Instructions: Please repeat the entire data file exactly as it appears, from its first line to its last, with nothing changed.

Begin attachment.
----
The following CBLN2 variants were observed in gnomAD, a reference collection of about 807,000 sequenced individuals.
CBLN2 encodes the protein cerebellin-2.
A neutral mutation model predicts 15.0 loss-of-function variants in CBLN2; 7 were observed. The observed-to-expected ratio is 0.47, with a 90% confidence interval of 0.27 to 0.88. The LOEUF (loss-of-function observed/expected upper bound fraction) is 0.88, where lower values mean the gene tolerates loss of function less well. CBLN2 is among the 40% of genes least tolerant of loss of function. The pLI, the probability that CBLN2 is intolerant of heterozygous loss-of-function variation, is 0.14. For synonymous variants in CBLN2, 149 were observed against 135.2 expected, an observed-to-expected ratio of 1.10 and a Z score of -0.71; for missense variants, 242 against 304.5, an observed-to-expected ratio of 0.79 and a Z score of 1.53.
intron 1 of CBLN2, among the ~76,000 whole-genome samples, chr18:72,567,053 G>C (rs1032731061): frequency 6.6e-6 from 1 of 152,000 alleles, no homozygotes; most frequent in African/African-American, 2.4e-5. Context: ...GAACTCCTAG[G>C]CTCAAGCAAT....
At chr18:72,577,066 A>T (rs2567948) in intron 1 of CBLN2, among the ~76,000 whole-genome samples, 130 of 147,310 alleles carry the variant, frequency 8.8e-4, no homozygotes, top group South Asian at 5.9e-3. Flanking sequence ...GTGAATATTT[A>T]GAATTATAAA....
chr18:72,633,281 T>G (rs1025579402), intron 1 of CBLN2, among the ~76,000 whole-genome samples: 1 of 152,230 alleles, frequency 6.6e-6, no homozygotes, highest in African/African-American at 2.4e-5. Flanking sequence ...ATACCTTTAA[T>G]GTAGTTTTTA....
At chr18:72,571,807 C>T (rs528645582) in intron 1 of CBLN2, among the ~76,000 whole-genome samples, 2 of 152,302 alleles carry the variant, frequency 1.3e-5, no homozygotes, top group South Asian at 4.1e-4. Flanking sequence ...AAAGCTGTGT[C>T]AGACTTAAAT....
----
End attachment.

The following CBLN2 variants were observed in gnomAD, a reference collection of about 807,000 sequenced individuals.
CBLN2 encodes the protein cerebellin-2.
A neutral mutation model predicts 15.0 loss-of-function variants in CBLN2; 7 were observed. The observed-to-expected ratio is 0.47, with a 90% confidence interval of 0.27 to 0.88. The LOEUF (loss-of-function observed/expected upper bound fraction) is 0.88, where lower values mean the gene tolerates loss of function less well. CBLN2 is among the 40% of genes least tolerant of loss of function. The pLI, the probability that CBLN2 is intolerant of heterozygous loss-of-function variation, is 0.14. For synonymous variants in CBLN2, 149 were observed against 135.2 expected, an observed-to-expected ratio of 1.10 and a Z score of -0.71; for missense variants, 242 against 304.5, an observed-to-expected ratio of 0.79 and a Z score of 1.53.
intron 1 of CBLN2, among the ~76,000 whole-genome samples, chr18:72,567,053 G>C (rs1032731061): frequency 6.6e-6 from 1 of 152,000 alleles, no homozygotes; most frequent in African/African-American, 2.4e-5. Context: ...GAACTCCTAG[G>C]CTCAAGCAAT....
At chr18:72,577,066 A>T (rs2567948) in intron 1 of CBLN2, among the ~76,000 whole-genome samples, 130 of 147,310 alleles carry the variant, frequency 8.8e-4, no homozygotes, top group South Asian at 5.9e-3. Flanking sequence ...GTGAATATTT[A>T]GAATTATAAA....
chr18:72,633,281 T>G (rs1025579402), intron 1 of CBLN2, among the ~76,000 whole-genome samples: 1 of 152,230 alleles, frequency 6.6e-6, no homozygotes, highest in African/African-American at 2.4e-5. Flanking sequence ...ATACCTTTAA[T>G]GTAGTTTTTA....
At chr18:72,571,807 C>T (rs528645582) in intron 1 of CBLN2, among the ~76,000 whole-genome samples, 2 of 152,302 alleles carry the variant, frequency 1.3e-5, no homozygotes, top group South Asian at 4.1e-4. Flanking sequence ...AAAGCTGTGT[C>T]AGACTTAAAT....